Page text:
Ok, so they are not the most attractive looking blobs! Give a gal a break. I am NOT a professional baker, and it was my first attempt at baking scones. Still, they were gluten-free, (Although you don’t have to bake yours that way, Dear Reader.) and delicious!
In the end, I cobbled together this recipe that I share with you today. My husband, John, and my daughter, Madelyn, were my official taste-testers. Both were surprised by the texture, at least for this variation, was more like muffin–albeit less sweet. Maddie, who suggested the pumpkin/blueberry flavor combination, observed that the scones weren’t super sweet, so she tried topping them with pure maple syrup, honey, and even whipped cream. John, slathered them with butter, and he further suggested that a vanilla glaze drizzled on top might be a nice addition for those wanting to sweeten up this recipe a bit. Meanwhile, I was greatly relieved that I didn’t have to feed the local bird population!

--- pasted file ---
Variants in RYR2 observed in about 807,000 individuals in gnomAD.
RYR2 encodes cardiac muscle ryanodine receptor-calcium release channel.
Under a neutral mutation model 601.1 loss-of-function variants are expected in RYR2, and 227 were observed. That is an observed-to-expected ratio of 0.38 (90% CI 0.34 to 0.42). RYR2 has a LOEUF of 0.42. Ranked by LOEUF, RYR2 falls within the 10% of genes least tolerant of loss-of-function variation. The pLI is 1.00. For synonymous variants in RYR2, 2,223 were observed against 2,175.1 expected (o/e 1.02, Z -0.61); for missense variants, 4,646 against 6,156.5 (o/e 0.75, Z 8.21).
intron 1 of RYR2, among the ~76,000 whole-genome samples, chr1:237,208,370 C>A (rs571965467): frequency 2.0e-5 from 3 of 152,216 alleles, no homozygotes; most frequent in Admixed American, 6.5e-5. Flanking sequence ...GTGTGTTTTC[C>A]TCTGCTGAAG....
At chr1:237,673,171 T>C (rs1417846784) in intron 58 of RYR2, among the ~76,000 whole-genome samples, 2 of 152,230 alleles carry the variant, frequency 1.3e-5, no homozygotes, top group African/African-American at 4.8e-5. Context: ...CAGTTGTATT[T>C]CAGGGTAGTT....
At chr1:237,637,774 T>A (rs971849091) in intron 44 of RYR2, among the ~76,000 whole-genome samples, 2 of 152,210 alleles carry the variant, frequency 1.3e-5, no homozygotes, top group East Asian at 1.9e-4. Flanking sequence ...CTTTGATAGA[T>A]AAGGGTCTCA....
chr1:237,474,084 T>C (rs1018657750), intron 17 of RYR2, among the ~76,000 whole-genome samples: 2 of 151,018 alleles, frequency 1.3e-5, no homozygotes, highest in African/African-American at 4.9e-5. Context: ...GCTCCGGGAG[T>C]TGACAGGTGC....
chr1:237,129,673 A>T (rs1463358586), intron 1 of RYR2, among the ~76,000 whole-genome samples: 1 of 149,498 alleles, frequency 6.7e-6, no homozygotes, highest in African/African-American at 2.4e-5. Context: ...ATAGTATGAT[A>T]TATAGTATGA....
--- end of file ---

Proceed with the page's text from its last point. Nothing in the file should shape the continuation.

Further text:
Give this recipe a try when you’re hankering to bake something different. It makes a nice addition to breakfast that would be especially tasty served with some fresh fruit and yogurt, or it makes a nice dessert or snack for later in the day. And, for those of you like me who need a gluten-free option, the great thing about baking scones is that you simply replace all the purpose flour with a gluten free variation, and everything else about the recipe stays the same, unlike other bread recipes I’ve made.
From my home to yours, I wish you happy, healthy, and homemade meals and treats!
Serve these scones up with pure maple syrup, honey, or butter as my husband, John is did!